By RICARDO WELLS
Tribune Staff Reporter
THE Family: People Helping People project plans to host a major anti-crime rally this evening to present its 10-point plan to arrest the nation’s crime woes.
Organisers said in order to decrease crime, officials must first address the underlining issues of anger in the country.
The Helping Our People Everywhere (HOPE) rally, which is scheduled for 7 o’clock tonight at St Gregory’s Church on Carmichael Road, will feature presentations by noted psychiatrist Dr David Allen, Lavita Thurston, recovered addict Andre Chappelle and Anglican Diocese Bishop Laish Boyd.
According to the group, police resources are not enough to combat the present scourge of crime. Officials recommended that Royal Bahamas Defence Force officers be placed on patrol in high crime areas along with curfews being imposed and closed circuit television (CCTV).
“We know that this strategy is debatable, but drastic times demand drastic measures. Curfews must be well planned, clearly defined and efficiently executed.
“Our nation is at war, and citizens living in certain areas report to us that they feel they actually live in a war zone. No group of young men should be allowed to hold a whole country and its citizens hostage. War means that all hands must be on deck. You have to fight power with more power,” said a group spokesman.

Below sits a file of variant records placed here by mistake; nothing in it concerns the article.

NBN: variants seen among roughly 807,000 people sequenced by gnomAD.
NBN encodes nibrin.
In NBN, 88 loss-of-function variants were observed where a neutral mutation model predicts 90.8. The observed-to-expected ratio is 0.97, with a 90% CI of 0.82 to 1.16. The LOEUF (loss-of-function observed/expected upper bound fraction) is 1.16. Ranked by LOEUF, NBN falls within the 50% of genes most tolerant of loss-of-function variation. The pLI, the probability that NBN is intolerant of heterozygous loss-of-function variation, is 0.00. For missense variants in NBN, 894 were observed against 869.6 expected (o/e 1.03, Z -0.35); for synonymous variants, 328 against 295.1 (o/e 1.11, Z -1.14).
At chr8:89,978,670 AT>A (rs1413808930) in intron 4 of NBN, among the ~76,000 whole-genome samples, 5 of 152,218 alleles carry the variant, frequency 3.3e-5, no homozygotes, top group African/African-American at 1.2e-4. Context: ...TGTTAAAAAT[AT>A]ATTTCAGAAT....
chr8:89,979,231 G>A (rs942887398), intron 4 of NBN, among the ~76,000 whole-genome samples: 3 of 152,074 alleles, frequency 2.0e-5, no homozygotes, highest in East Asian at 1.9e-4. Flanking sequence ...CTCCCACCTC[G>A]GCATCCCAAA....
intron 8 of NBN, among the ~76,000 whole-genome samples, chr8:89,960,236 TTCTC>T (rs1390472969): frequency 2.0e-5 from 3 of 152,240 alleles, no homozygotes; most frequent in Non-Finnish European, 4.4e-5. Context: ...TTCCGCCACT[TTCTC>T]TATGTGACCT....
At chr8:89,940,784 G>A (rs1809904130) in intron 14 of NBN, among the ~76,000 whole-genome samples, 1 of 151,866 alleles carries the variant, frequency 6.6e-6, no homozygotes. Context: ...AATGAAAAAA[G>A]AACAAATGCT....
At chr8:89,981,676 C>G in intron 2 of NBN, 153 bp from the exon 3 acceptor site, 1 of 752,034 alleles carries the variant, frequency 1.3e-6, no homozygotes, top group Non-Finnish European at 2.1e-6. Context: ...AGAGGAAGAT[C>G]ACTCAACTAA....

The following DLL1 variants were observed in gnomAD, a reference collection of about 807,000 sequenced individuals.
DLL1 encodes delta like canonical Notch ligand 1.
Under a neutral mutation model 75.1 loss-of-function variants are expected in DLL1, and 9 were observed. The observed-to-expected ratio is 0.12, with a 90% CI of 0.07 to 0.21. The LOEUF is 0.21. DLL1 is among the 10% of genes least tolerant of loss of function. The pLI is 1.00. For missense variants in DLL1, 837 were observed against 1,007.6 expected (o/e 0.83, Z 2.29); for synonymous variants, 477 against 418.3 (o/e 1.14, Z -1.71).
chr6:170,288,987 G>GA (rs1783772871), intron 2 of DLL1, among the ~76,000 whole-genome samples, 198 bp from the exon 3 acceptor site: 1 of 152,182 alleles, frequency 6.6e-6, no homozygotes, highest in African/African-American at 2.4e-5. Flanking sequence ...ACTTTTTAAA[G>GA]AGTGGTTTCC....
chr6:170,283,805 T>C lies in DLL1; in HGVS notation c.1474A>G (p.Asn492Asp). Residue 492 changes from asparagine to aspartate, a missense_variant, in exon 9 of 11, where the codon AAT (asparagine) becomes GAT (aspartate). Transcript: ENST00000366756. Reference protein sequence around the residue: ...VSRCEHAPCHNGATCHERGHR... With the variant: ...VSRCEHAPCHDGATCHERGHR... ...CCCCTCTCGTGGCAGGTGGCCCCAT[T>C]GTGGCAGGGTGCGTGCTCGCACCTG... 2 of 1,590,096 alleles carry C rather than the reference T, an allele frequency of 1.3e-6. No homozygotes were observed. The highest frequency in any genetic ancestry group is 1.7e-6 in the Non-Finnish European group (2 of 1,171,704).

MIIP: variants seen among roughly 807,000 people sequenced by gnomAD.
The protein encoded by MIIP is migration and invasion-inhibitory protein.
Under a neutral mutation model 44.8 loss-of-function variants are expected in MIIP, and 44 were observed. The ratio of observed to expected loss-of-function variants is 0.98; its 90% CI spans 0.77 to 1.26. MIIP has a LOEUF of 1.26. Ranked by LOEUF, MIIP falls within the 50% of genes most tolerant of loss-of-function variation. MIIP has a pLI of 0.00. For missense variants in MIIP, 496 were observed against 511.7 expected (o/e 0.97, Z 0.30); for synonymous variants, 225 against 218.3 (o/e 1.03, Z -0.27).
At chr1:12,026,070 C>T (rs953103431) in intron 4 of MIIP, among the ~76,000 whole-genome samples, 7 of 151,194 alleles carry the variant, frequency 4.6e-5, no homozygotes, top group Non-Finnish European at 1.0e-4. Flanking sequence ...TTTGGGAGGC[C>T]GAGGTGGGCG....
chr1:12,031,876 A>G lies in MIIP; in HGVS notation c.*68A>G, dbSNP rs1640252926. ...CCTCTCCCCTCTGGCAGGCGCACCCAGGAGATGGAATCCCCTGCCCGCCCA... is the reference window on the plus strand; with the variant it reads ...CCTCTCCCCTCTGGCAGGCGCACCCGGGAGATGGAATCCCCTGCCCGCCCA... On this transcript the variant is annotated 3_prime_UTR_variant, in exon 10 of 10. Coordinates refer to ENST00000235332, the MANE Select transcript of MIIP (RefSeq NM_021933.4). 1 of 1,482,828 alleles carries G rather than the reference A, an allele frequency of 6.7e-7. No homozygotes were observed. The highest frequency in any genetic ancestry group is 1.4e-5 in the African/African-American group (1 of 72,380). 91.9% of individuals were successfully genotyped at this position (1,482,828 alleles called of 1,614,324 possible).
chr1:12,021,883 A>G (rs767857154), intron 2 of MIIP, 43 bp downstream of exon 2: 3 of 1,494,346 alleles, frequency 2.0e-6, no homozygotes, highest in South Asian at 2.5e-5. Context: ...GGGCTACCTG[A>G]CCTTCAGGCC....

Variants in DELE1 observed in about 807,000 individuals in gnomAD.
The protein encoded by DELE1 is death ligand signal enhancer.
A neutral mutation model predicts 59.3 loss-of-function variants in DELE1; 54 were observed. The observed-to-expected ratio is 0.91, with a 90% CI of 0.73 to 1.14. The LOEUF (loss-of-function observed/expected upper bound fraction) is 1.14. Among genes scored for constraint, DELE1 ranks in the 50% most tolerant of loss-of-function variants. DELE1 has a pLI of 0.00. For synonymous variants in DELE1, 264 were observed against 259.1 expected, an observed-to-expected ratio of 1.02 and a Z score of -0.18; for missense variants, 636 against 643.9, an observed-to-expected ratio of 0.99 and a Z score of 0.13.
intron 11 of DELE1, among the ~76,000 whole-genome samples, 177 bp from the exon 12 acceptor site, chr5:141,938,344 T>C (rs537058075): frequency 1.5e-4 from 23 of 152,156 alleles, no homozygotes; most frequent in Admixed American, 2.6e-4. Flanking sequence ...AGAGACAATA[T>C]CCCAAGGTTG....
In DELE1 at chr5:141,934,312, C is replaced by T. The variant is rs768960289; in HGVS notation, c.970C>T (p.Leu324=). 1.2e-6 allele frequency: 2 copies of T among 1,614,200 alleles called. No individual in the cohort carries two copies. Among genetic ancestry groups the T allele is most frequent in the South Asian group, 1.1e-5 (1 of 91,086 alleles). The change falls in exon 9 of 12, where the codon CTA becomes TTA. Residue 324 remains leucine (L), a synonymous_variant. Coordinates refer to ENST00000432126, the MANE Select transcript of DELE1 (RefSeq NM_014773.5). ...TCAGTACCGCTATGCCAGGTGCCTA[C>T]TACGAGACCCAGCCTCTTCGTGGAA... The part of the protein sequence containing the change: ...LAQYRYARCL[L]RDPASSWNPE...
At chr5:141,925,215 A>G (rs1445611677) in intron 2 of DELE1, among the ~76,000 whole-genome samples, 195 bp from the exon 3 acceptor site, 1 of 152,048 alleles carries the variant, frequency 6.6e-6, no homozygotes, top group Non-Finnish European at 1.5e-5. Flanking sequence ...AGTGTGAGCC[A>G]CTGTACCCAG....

“Our law enforcement agents go into a war zone, day and night, and their lives are in danger, making their families vulnerable. We need to do more to support them, and in particular, to provide more robust psychological support. Implementation of a family programme for police would provide psychological support.”
The group also recommended mandatory national service and a residential programme for at-risk young men, reporting that males between the ages of 16 and 25 are responsible for the majority of violent crime in our country. The group said it intends to establish a small voluntary residential programme for at-risk youth to help lower that statistic.
Data compiled by the People Helping People project, through its 26 focus groups in New Providence indicates that the major issues facing country are anger, violence, grief and sadness, relationship dysfunction and abuse.
Research studies of those attending project sessions for six months or more show a decrease in anger, violence, revenge and depression and an increase in self-esteem and forgiveness.
The Family programme is a research-based project founded by Dr Allen and funded by The Templeton World Charity Foundation.
The project counsels around 400 persons weekly.
Ahead of tonight’s anti-crime rally, officials are calling on the government to appoint a crime advisory council made up of the public and private sector. Such a council could interpret government policy on behalf of the community while making the community’s needs clear to government, the group said.
The proposed council would also study previous violent attacks and homicides in an effort to identify similarities in incidents, hoping to provide the government with predictors of violence.
Additionally, officials demanded nationwide anger management and conflict resolution training programmes be established.
The Family programme intends to publish completed results of its project’s findings next month.